Florida to Face Extended Food Shortages

Toni Koraza

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Food prices are hitting record highs in Florida.

The rest of the United States is also facing similar hurdles. Core inflation is running wild, and the economy is hot. Global food prices are no exception, posting a 20% increase YoY.

How does this reflect on Florida?

Florida has fewer farms than in 2013. Simultaneously, the agricultural workforce has been steadily declining ever since the 1840s. New technology and automation could explain some of the declines, but overall the trend is worrying.

Fewer farmers mean less food.

On top of that, less produce, supply chain holdups, and extreme climate events infuse another layer of challenges for the food manufacturing industry in Florida.

"From the citrus groves and nurseries in Central and South Florida to the vegetables in various regions around the state to the cattle and calves throughout the state, these farms and ranches provide Florida with a large and stable economic base," according to FDACS.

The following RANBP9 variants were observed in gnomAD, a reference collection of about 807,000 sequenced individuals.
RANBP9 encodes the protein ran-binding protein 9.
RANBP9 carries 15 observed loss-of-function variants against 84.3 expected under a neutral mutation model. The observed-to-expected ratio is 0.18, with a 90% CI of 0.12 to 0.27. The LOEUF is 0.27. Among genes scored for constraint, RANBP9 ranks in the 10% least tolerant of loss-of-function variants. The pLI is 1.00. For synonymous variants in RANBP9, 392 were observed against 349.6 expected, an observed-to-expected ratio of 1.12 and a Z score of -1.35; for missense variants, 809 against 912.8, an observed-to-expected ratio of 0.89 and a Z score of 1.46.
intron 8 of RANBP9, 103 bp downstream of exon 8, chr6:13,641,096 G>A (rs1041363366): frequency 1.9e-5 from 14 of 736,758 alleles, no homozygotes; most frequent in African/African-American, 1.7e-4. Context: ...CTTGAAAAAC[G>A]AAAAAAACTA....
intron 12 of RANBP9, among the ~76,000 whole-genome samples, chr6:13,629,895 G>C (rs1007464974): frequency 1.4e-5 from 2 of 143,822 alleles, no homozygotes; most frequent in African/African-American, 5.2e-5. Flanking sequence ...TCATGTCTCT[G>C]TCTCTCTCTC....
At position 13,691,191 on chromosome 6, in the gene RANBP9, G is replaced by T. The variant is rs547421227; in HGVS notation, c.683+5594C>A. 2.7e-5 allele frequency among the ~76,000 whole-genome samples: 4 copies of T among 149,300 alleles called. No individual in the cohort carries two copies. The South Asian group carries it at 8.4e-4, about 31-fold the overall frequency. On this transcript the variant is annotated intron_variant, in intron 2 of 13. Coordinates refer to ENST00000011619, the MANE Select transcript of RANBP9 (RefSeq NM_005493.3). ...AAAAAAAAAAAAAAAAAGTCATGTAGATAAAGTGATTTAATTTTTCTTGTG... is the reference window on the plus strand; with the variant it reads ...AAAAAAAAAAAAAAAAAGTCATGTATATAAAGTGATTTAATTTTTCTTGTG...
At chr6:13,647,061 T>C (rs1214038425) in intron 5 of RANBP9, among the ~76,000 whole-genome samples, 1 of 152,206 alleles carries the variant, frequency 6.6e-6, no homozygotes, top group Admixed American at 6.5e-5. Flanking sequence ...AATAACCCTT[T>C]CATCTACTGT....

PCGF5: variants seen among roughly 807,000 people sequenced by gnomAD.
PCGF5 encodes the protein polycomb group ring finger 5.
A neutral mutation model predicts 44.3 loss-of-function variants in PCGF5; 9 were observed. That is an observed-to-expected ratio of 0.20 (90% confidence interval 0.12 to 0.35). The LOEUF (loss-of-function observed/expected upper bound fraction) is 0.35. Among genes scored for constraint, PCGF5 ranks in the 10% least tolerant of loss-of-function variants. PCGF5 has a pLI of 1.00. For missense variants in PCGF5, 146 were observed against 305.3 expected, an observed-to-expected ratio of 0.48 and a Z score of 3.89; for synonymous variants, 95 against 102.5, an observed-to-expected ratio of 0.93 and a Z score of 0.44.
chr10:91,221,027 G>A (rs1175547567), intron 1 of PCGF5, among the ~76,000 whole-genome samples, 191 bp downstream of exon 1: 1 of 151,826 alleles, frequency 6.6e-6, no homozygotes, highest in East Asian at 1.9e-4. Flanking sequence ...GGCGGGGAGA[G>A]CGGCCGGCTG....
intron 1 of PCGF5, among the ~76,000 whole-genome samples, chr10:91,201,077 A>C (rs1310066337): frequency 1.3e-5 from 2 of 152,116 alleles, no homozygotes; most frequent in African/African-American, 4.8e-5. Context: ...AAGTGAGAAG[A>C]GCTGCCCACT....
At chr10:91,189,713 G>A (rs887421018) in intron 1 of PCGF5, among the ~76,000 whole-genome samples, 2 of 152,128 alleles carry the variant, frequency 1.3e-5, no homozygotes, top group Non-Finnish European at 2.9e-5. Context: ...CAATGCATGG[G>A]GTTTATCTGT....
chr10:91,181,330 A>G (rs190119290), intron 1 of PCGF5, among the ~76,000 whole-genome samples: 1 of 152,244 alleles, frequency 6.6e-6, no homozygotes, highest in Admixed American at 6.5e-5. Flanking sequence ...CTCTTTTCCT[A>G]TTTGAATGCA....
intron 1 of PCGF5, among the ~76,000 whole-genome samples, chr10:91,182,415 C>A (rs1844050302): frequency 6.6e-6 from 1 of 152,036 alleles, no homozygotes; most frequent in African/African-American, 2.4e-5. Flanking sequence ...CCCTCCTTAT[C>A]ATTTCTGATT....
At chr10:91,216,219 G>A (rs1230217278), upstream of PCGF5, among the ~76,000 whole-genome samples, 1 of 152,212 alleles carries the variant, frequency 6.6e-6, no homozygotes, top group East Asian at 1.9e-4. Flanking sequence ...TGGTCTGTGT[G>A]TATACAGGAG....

Although the Sunshine state produces plenty of barley, oats, rye, wheat, tomatoes, and oranges, it still imports a lot of grain and other produce from overseas. So, Russian aggression on Ukraine has shaken Florida's food safety up another notch. Ukraine has one of the most fertile agricultural lands in the entire world. Russia is not far behind in terms of food exports.

Importing food from Russia or Ukraine will become increasingly difficult over the upcoming months and years. This will impact everyone in the United States, together with Florida residents.

Millions of Floridians across the state could soon start rethinking their next grocery run.

Total Production Value of Florida Products — 2019

Florida nets roughly $7.6 billion in producing food. Below are the main exports.

  • Tomatoes
  • Oranges
  • Bell Peppers
  • Grapefruit
  • Watermelons
  • Sweet corn
  • Squash
  • Strawberries
  • Peanuts
  • Cabbage

Source: USDA National Agricultural Statistics Services

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